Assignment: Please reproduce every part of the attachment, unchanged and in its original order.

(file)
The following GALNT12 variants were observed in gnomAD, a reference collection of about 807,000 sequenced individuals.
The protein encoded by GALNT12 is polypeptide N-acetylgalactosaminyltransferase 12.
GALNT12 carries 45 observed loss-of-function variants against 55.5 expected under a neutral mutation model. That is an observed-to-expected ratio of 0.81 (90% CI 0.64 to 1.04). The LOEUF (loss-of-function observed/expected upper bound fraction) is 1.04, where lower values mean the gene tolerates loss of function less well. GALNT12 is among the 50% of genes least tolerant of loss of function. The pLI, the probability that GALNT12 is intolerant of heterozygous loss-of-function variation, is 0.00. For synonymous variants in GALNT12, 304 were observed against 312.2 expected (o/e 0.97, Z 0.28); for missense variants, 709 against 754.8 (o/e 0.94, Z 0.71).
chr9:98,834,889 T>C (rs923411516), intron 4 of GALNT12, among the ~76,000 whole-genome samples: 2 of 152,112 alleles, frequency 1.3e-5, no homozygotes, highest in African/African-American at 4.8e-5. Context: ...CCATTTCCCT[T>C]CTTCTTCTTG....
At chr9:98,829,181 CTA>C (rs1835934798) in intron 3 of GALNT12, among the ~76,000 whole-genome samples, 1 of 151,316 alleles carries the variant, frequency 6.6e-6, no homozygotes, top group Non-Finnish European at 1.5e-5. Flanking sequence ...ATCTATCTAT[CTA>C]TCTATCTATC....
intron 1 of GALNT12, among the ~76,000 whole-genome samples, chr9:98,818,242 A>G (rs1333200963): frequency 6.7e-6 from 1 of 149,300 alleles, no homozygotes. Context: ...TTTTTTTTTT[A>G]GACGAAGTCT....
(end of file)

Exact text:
The following GALNT12 variants were observed in gnomAD, a reference collection of about 807,000 sequenced individuals.
The protein encoded by GALNT12 is polypeptide N-acetylgalactosaminyltransferase 12.
GALNT12 carries 45 observed loss-of-function variants against 55.5 expected under a neutral mutation model. That is an observed-to-expected ratio of 0.81 (90% CI 0.64 to 1.04). The LOEUF (loss-of-function observed/expected upper bound fraction) is 1.04, where lower values mean the gene tolerates loss of function less well. GALNT12 is among the 50% of genes least tolerant of loss of function. The pLI, the probability that GALNT12 is intolerant of heterozygous loss-of-function variation, is 0.00. For synonymous variants in GALNT12, 304 were observed against 312.2 expected (o/e 0.97, Z 0.28); for missense variants, 709 against 754.8 (o/e 0.94, Z 0.71).
chr9:98,834,889 T>C (rs923411516), intron 4 of GALNT12, among the ~76,000 whole-genome samples: 2 of 152,112 alleles, frequency 1.3e-5, no homozygotes, highest in African/African-American at 4.8e-5. Context: ...CCATTTCCCT[T>C]CTTCTTCTTG....
At chr9:98,829,181 CTA>C (rs1835934798) in intron 3 of GALNT12, among the ~76,000 whole-genome samples, 1 of 151,316 alleles carries the variant, frequency 6.6e-6, no homozygotes, top group Non-Finnish European at 1.5e-5. Flanking sequence ...ATCTATCTAT[CTA>C]TCTATCTATC....
intron 1 of GALNT12, among the ~76,000 whole-genome samples, chr9:98,818,242 A>G (rs1333200963): frequency 6.7e-6 from 1 of 149,300 alleles, no homozygotes. Context: ...TTTTTTTTTT[A>G]GACGAAGTCT....